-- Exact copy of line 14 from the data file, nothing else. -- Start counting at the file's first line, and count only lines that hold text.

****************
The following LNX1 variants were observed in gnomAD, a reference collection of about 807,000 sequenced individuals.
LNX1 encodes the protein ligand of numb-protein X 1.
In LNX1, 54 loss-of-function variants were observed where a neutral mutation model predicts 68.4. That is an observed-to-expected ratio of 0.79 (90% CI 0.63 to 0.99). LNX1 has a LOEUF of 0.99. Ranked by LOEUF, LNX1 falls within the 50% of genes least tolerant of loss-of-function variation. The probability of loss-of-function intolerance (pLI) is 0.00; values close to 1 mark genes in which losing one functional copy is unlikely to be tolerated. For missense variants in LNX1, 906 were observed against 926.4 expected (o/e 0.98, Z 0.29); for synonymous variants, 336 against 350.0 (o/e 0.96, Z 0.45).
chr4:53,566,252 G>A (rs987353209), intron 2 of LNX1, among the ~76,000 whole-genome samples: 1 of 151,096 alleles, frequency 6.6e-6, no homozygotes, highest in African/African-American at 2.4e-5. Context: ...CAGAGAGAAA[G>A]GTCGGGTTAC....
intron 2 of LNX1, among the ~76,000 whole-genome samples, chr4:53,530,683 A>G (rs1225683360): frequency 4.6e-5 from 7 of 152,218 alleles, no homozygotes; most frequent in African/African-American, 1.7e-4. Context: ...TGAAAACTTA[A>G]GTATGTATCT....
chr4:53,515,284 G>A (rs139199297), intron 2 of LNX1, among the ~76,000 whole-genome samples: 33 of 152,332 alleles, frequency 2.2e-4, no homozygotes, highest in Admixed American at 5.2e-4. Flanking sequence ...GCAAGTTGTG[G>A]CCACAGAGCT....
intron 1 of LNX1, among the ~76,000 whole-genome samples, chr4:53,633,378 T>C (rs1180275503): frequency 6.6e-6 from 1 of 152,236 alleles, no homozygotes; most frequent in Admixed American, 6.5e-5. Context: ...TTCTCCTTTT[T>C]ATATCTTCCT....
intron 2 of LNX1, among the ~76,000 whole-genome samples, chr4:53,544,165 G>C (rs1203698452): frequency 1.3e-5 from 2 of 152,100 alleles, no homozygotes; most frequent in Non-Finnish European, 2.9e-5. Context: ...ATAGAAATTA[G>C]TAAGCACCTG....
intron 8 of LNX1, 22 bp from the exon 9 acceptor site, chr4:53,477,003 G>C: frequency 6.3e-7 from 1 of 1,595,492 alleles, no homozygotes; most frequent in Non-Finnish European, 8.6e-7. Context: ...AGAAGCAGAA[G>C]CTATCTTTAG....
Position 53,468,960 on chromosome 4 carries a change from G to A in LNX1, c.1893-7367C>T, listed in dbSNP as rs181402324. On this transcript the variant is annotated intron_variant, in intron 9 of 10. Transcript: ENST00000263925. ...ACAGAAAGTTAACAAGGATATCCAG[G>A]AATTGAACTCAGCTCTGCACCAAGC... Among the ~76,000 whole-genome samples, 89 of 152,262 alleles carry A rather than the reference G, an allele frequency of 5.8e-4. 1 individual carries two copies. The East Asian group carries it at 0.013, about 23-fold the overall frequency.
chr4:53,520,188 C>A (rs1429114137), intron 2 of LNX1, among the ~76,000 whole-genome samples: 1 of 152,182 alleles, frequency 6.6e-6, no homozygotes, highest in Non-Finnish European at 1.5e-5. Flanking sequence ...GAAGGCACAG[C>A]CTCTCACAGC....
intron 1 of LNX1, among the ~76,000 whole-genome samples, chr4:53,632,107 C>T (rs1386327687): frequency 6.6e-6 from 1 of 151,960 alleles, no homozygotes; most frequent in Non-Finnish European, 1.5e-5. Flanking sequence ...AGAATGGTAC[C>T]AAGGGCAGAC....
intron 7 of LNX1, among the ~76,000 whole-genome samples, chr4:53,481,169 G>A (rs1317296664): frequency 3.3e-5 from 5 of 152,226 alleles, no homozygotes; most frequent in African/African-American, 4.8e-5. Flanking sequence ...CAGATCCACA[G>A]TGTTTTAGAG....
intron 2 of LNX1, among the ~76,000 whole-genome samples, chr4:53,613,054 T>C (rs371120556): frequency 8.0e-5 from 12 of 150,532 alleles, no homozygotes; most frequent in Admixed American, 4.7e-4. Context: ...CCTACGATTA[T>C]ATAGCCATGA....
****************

intron 2 of LNX1, among the ~76,000 whole-genome samples, chr4:53,613,054 T>C (rs371120556): frequency 8.0e-5 from 12 of 150,532 alleles, no homozygotes; most frequent in Admixed American, 4.7e-4. Context: ...CCTACGATTA[T>C]ATAGCCATGA....